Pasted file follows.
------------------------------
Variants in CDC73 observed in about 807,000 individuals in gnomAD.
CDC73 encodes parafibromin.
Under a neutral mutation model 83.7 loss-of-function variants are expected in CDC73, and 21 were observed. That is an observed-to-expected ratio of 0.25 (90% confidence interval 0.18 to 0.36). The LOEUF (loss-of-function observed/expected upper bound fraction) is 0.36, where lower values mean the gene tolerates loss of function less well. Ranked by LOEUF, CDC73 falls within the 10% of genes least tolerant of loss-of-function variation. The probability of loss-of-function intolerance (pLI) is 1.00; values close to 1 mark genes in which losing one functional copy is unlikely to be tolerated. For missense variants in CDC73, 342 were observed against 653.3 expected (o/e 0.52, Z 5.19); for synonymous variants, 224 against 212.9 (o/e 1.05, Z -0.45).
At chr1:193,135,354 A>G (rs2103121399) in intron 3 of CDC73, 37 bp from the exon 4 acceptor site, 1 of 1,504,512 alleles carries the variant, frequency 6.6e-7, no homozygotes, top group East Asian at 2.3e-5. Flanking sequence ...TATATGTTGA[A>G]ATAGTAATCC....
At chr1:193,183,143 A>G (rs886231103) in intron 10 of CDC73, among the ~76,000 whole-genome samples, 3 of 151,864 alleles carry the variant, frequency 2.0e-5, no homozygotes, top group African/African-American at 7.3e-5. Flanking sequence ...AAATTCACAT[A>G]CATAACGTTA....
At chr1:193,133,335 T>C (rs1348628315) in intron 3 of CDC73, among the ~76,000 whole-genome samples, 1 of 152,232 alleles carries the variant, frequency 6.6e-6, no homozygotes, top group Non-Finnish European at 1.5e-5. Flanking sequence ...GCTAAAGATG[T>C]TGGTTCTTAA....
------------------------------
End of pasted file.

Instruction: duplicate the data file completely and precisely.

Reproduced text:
Variants in CDC73 observed in about 807,000 individuals in gnomAD.
CDC73 encodes parafibromin.
Under a neutral mutation model 83.7 loss-of-function variants are expected in CDC73, and 21 were observed. That is an observed-to-expected ratio of 0.25 (90% confidence interval 0.18 to 0.36). The LOEUF (loss-of-function observed/expected upper bound fraction) is 0.36, where lower values mean the gene tolerates loss of function less well. Ranked by LOEUF, CDC73 falls within the 10% of genes least tolerant of loss-of-function variation. The probability of loss-of-function intolerance (pLI) is 1.00; values close to 1 mark genes in which losing one functional copy is unlikely to be tolerated. For missense variants in CDC73, 342 were observed against 653.3 expected (o/e 0.52, Z 5.19); for synonymous variants, 224 against 212.9 (o/e 1.05, Z -0.45).
At chr1:193,135,354 A>G (rs2103121399) in intron 3 of CDC73, 37 bp from the exon 4 acceptor site, 1 of 1,504,512 alleles carries the variant, frequency 6.6e-7, no homozygotes, top group East Asian at 2.3e-5. Flanking sequence ...TATATGTTGA[A>G]ATAGTAATCC....
At chr1:193,183,143 A>G (rs886231103) in intron 10 of CDC73, among the ~76,000 whole-genome samples, 3 of 151,864 alleles carry the variant, frequency 2.0e-5, no homozygotes, top group African/African-American at 7.3e-5. Flanking sequence ...AAATTCACAT[A>G]CATAACGTTA....
At chr1:193,133,335 T>C (rs1348628315) in intron 3 of CDC73, among the ~76,000 whole-genome samples, 1 of 152,232 alleles carries the variant, frequency 6.6e-6, no homozygotes, top group Non-Finnish European at 1.5e-5. Flanking sequence ...GCTAAAGATG[T>C]TGGTTCTTAA....